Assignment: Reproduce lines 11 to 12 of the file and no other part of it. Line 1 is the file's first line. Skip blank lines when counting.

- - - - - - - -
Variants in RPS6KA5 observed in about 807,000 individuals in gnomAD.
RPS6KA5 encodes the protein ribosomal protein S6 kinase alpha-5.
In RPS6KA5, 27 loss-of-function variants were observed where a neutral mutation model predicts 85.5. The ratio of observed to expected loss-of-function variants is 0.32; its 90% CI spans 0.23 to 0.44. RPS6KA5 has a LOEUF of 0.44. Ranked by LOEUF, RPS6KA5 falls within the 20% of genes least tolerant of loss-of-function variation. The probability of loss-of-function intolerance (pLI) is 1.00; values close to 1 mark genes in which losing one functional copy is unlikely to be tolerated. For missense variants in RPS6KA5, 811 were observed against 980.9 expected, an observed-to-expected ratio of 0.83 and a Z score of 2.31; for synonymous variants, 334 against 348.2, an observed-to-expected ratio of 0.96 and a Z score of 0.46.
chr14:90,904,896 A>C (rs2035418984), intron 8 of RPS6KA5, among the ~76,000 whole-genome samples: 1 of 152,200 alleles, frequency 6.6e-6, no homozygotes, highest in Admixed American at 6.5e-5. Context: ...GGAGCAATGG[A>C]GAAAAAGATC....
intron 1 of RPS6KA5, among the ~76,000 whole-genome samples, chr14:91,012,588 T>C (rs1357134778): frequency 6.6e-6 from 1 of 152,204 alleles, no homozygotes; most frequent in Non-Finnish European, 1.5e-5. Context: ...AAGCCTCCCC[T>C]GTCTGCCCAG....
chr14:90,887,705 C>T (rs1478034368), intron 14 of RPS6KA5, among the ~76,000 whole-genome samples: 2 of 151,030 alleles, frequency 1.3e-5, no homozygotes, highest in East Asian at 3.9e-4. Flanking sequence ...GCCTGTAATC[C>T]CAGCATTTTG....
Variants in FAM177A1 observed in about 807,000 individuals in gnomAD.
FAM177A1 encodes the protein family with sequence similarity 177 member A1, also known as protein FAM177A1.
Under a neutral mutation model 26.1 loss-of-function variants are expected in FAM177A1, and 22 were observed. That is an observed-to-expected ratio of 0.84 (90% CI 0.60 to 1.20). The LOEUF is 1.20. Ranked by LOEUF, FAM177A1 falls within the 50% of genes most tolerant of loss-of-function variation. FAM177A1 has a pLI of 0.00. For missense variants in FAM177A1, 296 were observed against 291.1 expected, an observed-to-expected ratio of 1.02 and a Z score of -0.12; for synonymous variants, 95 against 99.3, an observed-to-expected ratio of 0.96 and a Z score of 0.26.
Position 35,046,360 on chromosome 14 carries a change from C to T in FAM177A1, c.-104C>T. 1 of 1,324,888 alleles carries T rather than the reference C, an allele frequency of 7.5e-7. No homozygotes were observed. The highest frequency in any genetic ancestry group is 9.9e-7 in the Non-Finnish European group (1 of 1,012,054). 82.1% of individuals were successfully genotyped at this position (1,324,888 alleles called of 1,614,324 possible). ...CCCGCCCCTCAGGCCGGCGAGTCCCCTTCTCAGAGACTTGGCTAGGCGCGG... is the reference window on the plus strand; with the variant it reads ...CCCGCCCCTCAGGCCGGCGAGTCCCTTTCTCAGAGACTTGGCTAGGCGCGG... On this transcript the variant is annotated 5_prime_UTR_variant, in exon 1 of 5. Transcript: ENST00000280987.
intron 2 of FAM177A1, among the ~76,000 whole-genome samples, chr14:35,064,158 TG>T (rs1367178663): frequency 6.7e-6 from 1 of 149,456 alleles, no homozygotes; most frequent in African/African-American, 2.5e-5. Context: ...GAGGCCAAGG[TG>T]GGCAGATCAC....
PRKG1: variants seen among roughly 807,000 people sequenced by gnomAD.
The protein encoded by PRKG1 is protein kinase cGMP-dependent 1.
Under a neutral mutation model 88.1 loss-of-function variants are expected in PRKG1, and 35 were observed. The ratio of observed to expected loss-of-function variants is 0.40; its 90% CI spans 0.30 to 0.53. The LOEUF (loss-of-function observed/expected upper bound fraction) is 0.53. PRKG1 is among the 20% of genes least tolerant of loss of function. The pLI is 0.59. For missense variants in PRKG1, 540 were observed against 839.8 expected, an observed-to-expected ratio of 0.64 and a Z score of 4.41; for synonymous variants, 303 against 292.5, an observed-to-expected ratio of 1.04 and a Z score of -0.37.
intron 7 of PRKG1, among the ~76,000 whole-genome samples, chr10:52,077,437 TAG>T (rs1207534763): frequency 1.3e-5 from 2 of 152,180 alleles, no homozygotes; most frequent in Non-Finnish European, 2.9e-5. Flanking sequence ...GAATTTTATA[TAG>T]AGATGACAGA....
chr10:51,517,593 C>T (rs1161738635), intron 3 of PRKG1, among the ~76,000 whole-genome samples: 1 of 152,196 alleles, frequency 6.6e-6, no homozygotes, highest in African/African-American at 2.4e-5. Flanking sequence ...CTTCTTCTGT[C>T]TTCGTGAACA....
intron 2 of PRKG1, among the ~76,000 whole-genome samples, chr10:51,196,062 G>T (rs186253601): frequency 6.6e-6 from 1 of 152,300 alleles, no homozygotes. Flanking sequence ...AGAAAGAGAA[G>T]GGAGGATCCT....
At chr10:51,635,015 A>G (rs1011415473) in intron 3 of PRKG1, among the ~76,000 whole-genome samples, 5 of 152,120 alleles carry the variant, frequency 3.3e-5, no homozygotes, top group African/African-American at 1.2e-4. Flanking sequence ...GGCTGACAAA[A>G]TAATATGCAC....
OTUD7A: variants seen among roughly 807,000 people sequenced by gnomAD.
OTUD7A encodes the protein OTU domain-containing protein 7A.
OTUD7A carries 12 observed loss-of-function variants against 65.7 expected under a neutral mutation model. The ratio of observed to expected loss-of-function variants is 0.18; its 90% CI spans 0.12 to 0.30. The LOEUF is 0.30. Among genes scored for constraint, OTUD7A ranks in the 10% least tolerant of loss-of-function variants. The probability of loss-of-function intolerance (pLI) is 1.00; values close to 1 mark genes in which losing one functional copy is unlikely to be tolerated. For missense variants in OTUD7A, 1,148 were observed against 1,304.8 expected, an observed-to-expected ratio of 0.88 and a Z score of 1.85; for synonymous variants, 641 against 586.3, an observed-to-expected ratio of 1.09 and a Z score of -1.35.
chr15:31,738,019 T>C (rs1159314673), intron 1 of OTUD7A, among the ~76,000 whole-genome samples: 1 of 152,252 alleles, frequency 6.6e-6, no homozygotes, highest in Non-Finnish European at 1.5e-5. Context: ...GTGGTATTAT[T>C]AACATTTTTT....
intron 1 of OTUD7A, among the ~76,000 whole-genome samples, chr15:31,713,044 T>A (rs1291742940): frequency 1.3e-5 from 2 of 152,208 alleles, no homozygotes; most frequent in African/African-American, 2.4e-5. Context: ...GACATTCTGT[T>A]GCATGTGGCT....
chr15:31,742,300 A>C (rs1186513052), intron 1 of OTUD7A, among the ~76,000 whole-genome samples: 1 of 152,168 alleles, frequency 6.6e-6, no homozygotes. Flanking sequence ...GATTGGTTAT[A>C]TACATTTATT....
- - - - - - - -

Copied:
intron 2 of FAM177A1, among the ~76,000 whole-genome samples, chr14:35,064,158 TG>T (rs1367178663): frequency 6.7e-6 from 1 of 149,456 alleles, no homozygotes; most frequent in African/African-American, 2.5e-5. Context: ...GAGGCCAAGG[TG>T]GGCAGATCAC....
PRKG1: variants seen among roughly 807,000 people sequenced by gnomAD.